Monday, August 22, 2005

Oil bubble hits China extra hard (e)

Column -- Everyone may be marvelling at how well the US economy is handling US$60 oil, but it is China we should be worried about. In recent weeks, the strain on the Chinese economy has begun to show. Stories have emerged of massive queues, rationing and fraying tempers at police-guarded gasoline stations. The planning wizards at central command must be really starting to sweat as they try to figure out how to make the 60% rise in crude since the beginning of the year fit into their economic strategy without creating dreaded social unrest. It is really no surprise the US and Canada have been able to weather the energy storm so far. About 70% of North American economic activity is generated by the consumer and only 15% by manufacturing. It is true North American consumers may be starting to balk at cost of gasoline at the pumps and economic activity may fade further in the months ahead. But in China, where industrial production still makes up half its gross domestic product, the high price of oil must be really starting to pinch. Much of that industrial production is devoted to producing manufactured goods for us, its own emerging middle class and all the heavy equipment and machinery required to upgrade cities for a few hundred million people. The official inflation statistics show hardly a whimper, however. The rising price of fuel has driven up every consumer price index across the West, but the oil component in China's CPI is registering a laughable 7.7% decline, according to Stefane Marion, assistant chief economist at National Bank in Montreal. It's not because of your typical Chinese fudging of the figures. It's because China sets the price of oil. "Think of it this way," Marion said. "You've outsourced production to a country that is less oil efficient than you are and they have price controls at the retail level. To me it says they're subsidizing us for the manufacturing products we buy." The folly of this centrally planned throwback in a country slowly opening to free-market economics is starting to take its toll. Newspapers reported China's oil refiners posted losses totalling 6.09-billion yuan ($910-million) in the first half of the year, unable to pass the high price of crude to consumers. The refiners have reacted by holding back supply, creating the shortages China is now witnessing. The policy mandarins are waking up. Reuters news service reported last week the country's top planners at the National Development and Reform Commission have called in oil firm executives and other top officials to discuss its pricing system. Analysts don't expect a major revamp however, only more frequent price adjustments.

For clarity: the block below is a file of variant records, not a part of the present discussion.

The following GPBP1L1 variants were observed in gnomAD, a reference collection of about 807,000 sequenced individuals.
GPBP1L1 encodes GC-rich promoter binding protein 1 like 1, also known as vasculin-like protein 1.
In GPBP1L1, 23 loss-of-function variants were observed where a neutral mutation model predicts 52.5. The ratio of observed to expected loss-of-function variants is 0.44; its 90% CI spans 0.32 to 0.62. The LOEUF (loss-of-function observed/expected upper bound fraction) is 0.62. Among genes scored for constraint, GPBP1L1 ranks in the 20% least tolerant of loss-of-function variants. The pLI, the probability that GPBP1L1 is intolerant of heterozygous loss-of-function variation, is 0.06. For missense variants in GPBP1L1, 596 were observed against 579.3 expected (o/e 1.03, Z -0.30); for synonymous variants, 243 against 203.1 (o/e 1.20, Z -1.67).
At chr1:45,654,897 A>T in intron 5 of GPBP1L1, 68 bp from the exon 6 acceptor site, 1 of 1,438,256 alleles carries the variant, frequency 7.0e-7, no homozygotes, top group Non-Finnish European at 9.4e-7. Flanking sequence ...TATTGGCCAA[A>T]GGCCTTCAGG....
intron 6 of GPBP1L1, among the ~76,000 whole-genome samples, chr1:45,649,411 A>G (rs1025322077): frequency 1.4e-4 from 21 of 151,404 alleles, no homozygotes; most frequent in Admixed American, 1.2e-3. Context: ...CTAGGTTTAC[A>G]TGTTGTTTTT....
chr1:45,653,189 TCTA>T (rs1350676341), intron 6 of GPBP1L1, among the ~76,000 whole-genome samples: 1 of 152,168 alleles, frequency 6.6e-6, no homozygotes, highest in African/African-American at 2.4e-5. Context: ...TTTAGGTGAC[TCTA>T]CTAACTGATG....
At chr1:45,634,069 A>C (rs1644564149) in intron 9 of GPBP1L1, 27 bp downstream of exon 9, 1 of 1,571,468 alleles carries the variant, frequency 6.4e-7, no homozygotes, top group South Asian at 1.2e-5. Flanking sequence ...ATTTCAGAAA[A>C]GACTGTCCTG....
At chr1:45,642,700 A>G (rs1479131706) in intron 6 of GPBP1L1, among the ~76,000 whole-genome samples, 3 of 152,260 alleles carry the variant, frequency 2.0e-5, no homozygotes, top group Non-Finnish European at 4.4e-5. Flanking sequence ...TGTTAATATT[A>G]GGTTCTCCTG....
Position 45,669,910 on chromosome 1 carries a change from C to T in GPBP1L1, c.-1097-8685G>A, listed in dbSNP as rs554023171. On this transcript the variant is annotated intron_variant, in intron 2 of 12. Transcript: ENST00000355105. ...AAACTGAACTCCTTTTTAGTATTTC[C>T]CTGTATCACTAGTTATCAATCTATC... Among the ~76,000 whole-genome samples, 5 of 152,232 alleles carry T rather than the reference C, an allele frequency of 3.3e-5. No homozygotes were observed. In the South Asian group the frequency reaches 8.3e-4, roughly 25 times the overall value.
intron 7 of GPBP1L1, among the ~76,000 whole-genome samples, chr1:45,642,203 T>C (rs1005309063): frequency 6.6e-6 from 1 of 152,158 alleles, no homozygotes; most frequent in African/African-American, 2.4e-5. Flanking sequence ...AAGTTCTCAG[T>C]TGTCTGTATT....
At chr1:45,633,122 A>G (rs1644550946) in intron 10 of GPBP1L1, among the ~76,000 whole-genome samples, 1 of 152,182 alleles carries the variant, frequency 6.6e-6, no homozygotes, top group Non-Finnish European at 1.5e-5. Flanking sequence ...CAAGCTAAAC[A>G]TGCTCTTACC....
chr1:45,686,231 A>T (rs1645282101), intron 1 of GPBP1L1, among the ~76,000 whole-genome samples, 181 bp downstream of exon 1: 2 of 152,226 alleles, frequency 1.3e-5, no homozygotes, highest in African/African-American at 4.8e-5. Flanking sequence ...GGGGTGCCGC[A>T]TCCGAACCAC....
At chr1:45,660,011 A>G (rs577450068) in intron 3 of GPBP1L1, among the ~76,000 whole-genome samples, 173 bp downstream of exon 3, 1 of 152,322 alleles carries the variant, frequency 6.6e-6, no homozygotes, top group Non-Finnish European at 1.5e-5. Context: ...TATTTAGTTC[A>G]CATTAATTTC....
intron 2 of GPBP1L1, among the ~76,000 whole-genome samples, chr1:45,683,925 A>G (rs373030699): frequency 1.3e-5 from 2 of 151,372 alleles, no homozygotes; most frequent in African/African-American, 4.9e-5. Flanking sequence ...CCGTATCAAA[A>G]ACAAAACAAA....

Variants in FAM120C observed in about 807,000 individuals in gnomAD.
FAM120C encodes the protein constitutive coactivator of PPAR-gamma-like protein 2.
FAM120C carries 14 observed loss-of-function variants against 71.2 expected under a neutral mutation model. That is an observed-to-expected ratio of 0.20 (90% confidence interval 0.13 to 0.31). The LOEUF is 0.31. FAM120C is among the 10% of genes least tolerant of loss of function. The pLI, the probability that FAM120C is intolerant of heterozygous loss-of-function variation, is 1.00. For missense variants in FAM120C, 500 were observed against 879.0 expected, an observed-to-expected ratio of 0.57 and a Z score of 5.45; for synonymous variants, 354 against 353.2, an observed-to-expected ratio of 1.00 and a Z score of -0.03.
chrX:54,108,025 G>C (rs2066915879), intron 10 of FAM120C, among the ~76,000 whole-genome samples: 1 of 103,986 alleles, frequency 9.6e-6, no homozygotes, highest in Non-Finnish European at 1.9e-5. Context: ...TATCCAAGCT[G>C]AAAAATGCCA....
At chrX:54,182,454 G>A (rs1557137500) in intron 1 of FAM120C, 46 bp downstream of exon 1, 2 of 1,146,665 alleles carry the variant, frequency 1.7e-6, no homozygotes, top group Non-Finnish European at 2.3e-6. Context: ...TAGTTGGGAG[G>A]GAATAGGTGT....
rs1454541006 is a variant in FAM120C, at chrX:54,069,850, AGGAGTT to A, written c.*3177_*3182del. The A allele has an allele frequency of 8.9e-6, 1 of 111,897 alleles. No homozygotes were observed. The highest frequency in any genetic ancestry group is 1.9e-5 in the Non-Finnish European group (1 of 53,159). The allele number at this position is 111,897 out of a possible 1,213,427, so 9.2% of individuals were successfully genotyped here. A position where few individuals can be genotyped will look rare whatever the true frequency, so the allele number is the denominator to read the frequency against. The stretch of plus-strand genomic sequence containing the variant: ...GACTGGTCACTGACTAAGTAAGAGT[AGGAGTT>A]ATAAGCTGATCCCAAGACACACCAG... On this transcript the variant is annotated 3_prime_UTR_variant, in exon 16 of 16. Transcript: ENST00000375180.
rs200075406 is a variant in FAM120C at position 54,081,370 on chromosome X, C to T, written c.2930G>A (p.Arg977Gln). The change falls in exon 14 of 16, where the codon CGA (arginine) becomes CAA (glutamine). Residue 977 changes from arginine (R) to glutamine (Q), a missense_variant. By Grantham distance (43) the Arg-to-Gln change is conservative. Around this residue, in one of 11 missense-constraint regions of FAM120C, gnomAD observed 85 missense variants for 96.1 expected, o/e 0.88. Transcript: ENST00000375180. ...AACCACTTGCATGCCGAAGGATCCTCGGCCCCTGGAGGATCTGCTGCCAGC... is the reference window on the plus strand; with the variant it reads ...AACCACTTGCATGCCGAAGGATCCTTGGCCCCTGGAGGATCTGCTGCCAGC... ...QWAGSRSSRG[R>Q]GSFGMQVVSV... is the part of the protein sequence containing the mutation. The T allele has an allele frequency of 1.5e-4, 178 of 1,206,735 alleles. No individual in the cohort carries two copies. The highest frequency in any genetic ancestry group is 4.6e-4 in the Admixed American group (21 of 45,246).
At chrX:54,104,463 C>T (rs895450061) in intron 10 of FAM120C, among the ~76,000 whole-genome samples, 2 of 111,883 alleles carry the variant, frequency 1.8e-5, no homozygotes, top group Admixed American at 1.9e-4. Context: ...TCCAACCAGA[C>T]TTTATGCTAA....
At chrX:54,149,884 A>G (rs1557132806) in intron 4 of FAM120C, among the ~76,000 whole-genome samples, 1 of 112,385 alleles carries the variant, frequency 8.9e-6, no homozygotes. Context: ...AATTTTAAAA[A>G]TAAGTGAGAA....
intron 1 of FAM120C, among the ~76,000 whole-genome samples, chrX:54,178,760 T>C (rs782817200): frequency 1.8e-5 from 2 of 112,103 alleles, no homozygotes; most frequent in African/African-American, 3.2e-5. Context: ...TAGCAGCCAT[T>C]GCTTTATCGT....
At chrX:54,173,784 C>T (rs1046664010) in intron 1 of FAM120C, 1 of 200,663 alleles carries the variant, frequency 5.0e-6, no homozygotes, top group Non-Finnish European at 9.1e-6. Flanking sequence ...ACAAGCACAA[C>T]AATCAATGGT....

Andy Xie, China specialist at Morgan Stanley in Hong Kong, said in an e-mail interview that high property prices are offsetting high oil prices for now, much as they are in North America. And with factories running full tilt, some of the shock can be absorbed. As in Canada, soaring oil prices are also creating winners and losers. "One of the big group [of winners] is the owners of small coal mines who have seen the value of their mining rights triple in the past three years," Xie said. "Seventy percent of the 2-billion ton coal production is from this group." But Marion figures something has to give soon. He expects higher prices will eventually get passed on to both Chinese and North American consumers. Pass on the rise too rapidly, however, and you risk social unrest. Past it on too slowly and you risk further shortages and social unrest. The solution? Marion says watch out for a further revaluation of the yuan, which would make those imports of oil cheaper.
(National Post 050822)